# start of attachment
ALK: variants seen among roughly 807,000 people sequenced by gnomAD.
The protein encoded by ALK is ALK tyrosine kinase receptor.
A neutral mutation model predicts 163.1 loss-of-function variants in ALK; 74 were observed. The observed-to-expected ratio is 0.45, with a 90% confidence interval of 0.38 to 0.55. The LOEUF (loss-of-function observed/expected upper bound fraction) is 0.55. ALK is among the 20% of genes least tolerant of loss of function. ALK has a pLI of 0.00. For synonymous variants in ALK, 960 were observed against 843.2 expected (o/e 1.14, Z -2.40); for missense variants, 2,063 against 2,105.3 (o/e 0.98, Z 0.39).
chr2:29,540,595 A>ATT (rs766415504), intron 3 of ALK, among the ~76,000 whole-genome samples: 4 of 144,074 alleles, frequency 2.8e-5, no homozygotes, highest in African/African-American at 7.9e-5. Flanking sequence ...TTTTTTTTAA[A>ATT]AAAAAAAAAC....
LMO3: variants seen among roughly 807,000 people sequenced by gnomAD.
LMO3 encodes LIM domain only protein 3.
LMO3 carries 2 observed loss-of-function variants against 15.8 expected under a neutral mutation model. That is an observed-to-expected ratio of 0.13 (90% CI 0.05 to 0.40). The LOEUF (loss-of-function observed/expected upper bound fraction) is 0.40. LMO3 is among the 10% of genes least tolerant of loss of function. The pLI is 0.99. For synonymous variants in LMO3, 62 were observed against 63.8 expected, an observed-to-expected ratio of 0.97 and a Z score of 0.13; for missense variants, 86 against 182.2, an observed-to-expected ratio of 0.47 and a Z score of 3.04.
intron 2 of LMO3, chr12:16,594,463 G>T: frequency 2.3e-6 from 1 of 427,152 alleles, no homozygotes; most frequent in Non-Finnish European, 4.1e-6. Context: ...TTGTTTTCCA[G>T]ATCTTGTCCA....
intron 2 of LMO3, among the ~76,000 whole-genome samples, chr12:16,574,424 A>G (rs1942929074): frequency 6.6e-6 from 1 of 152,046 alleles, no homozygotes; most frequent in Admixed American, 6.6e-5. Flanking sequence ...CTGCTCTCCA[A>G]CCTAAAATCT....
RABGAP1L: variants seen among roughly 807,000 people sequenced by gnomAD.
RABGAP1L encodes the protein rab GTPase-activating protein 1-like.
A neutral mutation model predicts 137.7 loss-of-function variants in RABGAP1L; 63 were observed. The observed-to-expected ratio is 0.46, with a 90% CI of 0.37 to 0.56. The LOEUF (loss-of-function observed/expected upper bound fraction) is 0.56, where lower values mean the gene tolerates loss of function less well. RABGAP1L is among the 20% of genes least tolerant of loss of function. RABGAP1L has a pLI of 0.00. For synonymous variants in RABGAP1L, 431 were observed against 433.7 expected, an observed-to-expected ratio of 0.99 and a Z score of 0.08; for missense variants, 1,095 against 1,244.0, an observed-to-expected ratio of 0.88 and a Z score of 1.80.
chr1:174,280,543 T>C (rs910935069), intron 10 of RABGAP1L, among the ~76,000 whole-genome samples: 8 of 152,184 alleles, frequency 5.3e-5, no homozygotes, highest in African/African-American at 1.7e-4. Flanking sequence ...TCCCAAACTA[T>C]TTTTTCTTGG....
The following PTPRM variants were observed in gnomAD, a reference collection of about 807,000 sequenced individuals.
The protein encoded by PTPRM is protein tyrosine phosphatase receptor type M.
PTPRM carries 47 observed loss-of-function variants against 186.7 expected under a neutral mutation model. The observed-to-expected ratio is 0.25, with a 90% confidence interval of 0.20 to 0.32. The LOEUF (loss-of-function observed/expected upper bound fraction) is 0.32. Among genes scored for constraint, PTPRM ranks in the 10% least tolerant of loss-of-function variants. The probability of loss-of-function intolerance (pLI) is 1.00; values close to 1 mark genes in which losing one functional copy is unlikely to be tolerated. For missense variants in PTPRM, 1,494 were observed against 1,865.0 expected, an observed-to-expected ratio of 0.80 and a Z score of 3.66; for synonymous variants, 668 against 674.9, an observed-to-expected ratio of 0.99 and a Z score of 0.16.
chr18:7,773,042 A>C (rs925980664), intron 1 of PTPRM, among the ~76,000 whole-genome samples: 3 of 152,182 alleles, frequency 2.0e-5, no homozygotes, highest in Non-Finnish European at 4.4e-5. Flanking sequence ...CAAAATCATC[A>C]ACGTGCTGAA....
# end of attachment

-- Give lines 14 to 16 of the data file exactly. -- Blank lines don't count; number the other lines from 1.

The following PTPRM variants were observed in gnomAD, a reference collection of about 807,000 sequenced individuals.
The protein encoded by PTPRM is protein tyrosine phosphatase receptor type M.
PTPRM carries 47 observed loss-of-function variants against 186.7 expected under a neutral mutation model. The observed-to-expected ratio is 0.25, with a 90% confidence interval of 0.20 to 0.32. The LOEUF (loss-of-function observed/expected upper bound fraction) is 0.32. Among genes scored for constraint, PTPRM ranks in the 10% least tolerant of loss-of-function variants. The probability of loss-of-function intolerance (pLI) is 1.00; values close to 1 mark genes in which losing one functional copy is unlikely to be tolerated. For missense variants in PTPRM, 1,494 were observed against 1,865.0 expected, an observed-to-expected ratio of 0.80 and a Z score of 3.66; for synonymous variants, 668 against 674.9, an observed-to-expected ratio of 0.99 and a Z score of 0.16.